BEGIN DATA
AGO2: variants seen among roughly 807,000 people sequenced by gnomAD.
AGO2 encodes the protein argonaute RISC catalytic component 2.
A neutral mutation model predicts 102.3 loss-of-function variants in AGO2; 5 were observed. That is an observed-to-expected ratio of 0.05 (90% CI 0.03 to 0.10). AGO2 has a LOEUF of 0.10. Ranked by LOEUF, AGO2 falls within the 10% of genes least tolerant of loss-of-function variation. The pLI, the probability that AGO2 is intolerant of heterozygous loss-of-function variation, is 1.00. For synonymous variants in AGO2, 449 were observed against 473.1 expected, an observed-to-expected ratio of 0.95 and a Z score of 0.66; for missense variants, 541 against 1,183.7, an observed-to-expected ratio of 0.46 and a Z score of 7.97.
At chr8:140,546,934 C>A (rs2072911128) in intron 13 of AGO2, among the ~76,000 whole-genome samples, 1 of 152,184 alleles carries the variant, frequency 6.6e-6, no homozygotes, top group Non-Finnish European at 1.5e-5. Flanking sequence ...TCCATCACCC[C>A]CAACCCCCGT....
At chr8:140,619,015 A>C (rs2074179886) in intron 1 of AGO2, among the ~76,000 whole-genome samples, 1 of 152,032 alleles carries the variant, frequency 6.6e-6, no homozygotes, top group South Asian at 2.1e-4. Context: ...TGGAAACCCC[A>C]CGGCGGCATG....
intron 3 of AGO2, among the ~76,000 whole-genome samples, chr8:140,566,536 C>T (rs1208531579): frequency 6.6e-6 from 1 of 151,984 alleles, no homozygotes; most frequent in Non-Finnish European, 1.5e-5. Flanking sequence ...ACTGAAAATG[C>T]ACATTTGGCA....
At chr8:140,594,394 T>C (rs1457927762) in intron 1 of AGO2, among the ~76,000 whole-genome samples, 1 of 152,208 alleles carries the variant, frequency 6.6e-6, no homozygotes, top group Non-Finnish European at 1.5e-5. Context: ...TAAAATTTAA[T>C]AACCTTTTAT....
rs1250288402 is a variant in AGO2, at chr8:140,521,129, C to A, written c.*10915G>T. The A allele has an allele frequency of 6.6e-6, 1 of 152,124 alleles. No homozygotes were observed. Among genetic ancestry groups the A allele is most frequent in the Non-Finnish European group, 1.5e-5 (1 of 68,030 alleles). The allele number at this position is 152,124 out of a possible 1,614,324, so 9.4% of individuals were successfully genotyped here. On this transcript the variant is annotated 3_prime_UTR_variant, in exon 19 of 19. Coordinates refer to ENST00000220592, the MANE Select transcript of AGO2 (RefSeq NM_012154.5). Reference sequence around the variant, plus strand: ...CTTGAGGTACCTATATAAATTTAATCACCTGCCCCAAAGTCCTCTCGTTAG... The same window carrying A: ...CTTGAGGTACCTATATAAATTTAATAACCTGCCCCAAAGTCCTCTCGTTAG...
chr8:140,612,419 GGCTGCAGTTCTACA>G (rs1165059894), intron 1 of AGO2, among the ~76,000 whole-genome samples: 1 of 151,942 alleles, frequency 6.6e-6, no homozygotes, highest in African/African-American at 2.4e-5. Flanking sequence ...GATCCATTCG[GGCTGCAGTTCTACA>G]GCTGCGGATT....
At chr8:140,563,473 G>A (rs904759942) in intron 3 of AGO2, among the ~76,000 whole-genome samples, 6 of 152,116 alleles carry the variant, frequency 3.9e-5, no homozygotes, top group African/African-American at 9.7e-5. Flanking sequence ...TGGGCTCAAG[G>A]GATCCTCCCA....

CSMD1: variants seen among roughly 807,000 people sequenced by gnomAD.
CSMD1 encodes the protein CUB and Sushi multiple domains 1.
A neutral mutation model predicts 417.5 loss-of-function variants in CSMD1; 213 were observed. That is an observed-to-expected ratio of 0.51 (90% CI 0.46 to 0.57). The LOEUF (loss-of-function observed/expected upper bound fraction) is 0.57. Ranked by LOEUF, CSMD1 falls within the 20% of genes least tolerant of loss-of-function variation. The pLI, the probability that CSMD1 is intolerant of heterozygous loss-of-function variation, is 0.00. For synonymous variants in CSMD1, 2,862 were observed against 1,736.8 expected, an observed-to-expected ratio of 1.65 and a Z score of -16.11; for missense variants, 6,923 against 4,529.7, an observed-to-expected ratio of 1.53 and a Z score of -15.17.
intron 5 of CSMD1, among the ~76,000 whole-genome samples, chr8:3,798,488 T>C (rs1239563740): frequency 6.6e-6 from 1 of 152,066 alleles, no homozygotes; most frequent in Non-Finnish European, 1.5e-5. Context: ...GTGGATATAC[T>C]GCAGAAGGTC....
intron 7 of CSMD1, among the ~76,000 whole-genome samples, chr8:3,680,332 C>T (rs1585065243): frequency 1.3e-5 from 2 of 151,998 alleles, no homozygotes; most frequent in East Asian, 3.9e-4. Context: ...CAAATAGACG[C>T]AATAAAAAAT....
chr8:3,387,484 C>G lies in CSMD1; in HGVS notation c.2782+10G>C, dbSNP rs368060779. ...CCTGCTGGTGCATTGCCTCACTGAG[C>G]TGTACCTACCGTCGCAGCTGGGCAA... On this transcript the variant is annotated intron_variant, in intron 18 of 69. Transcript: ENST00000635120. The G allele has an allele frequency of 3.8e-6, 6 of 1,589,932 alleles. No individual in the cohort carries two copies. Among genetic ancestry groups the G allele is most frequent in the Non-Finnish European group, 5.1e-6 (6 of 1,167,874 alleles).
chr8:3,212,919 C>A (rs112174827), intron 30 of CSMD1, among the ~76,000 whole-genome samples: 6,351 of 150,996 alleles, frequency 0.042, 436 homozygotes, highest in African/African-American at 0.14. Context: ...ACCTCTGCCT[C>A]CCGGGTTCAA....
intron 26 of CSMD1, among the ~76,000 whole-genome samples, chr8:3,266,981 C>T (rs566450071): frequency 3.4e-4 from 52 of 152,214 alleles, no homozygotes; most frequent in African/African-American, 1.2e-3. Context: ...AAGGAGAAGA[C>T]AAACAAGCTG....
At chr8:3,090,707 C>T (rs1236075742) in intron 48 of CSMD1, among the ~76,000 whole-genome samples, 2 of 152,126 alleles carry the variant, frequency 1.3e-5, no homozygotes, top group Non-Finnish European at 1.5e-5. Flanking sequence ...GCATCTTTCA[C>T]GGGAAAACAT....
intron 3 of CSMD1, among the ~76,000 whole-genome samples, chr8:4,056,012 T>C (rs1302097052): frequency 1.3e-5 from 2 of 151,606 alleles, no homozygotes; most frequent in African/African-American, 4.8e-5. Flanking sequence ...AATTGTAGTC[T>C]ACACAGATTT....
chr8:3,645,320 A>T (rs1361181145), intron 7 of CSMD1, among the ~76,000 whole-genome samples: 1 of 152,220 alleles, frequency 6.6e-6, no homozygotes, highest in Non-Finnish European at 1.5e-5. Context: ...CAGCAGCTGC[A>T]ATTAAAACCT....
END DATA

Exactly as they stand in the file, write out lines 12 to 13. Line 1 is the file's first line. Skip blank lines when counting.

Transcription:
CSMD1 encodes the protein CUB and Sushi multiple domains 1.
A neutral mutation model predicts 417.5 loss-of-function variants in CSMD1; 213 were observed. That is an observed-to-expected ratio of 0.51 (90% CI 0.46 to 0.57). The LOEUF (loss-of-function observed/expected upper bound fraction) is 0.57. Ranked by LOEUF, CSMD1 falls within the 20% of genes least tolerant of loss-of-function variation. The pLI, the probability that CSMD1 is intolerant of heterozygous loss-of-function variation, is 0.00. For synonymous variants in CSMD1, 2,862 were observed against 1,736.8 expected, an observed-to-expected ratio of 1.65 and a Z score of -16.11; for missense variants, 6,923 against 4,529.7, an observed-to-expected ratio of 1.53 and a Z score of -15.17.